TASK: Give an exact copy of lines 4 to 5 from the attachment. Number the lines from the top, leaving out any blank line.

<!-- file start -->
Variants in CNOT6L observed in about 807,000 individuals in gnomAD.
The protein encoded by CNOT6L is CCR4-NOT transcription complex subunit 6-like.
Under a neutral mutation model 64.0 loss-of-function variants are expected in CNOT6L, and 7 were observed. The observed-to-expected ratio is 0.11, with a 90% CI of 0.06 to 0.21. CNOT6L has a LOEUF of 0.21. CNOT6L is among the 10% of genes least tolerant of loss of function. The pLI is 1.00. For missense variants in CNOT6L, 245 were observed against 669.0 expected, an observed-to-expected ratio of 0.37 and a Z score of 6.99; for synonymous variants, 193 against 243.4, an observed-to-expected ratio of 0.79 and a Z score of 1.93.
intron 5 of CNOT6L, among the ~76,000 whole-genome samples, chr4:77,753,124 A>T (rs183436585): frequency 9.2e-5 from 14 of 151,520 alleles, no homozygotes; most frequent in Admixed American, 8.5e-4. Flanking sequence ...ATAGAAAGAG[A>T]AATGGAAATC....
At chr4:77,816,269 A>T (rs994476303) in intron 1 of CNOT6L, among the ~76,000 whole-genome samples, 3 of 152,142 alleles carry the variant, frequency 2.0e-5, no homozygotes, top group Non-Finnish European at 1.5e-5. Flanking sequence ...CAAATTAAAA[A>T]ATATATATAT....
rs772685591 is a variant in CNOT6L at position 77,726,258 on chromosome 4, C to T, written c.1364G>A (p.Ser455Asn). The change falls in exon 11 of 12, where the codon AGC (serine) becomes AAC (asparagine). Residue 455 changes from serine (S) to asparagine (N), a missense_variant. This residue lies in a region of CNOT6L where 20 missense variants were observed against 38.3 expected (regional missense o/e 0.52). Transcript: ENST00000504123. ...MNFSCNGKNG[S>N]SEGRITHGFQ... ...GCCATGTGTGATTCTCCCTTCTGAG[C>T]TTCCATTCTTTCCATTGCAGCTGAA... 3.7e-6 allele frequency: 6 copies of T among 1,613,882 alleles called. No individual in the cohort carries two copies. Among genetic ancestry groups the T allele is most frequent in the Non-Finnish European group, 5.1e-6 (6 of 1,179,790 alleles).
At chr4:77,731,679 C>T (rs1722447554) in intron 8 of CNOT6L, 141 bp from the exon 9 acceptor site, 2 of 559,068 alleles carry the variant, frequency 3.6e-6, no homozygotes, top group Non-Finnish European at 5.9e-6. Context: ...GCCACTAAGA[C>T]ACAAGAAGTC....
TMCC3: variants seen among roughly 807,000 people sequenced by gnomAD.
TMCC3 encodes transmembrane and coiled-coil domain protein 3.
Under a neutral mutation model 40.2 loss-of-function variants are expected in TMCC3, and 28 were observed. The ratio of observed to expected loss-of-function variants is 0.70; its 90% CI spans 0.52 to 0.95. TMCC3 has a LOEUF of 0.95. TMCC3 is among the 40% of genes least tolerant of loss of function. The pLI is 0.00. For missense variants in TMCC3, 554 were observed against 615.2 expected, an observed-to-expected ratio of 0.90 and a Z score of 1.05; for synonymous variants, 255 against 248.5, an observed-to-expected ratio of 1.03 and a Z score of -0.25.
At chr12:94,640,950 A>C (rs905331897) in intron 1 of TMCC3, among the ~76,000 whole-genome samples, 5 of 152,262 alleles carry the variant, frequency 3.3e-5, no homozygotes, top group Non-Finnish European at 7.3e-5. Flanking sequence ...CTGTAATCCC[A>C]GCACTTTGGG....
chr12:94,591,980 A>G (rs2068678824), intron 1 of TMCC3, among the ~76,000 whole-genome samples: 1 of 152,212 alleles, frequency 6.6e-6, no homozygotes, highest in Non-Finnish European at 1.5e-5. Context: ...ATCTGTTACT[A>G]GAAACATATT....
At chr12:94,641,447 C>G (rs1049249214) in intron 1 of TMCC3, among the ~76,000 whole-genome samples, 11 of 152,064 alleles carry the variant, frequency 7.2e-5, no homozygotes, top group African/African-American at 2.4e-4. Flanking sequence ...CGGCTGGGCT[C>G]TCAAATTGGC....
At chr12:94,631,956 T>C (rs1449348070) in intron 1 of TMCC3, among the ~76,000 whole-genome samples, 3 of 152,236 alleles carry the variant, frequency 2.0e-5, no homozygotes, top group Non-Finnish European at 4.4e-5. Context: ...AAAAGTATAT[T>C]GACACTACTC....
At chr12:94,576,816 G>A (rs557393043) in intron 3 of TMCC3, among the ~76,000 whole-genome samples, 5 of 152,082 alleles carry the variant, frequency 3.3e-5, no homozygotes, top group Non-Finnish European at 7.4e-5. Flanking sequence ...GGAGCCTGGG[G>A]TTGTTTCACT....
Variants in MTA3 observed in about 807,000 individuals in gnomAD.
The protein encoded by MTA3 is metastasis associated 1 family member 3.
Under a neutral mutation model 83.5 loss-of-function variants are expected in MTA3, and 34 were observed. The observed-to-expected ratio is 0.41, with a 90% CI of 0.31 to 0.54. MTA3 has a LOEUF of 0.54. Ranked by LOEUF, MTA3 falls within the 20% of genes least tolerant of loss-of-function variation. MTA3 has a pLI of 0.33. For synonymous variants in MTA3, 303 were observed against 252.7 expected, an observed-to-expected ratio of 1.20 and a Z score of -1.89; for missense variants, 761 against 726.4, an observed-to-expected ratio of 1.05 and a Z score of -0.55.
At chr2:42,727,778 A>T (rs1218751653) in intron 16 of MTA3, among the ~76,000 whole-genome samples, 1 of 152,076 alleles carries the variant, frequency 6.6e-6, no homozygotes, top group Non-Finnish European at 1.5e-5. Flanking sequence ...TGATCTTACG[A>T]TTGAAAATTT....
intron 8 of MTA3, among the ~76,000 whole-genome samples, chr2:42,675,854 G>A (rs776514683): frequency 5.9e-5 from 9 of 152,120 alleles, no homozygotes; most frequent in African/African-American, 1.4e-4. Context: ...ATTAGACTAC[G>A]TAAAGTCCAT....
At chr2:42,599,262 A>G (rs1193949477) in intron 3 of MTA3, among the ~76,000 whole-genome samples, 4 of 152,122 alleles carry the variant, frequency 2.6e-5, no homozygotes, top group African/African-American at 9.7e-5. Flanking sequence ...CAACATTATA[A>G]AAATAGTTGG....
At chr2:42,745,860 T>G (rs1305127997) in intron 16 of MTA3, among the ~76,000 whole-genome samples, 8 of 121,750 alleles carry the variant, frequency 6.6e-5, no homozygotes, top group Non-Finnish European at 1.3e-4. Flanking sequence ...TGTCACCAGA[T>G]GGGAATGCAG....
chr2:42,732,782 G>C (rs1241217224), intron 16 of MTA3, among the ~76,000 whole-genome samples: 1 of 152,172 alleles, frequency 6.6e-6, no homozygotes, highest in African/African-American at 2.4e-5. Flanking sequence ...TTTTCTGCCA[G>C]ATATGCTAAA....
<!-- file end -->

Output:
intron 5 of CNOT6L, among the ~76,000 whole-genome samples, chr4:77,753,124 A>T (rs183436585): frequency 9.2e-5 from 14 of 151,520 alleles, no homozygotes; most frequent in Admixed American, 8.5e-4. Flanking sequence ...ATAGAAAGAG[A>T]AATGGAAATC....
At chr4:77,816,269 A>T (rs994476303) in intron 1 of CNOT6L, among the ~76,000 whole-genome samples, 3 of 152,142 alleles carry the variant, frequency 2.0e-5, no homozygotes, top group Non-Finnish European at 1.5e-5. Flanking sequence ...CAAATTAAAA[A>T]ATATATATAT....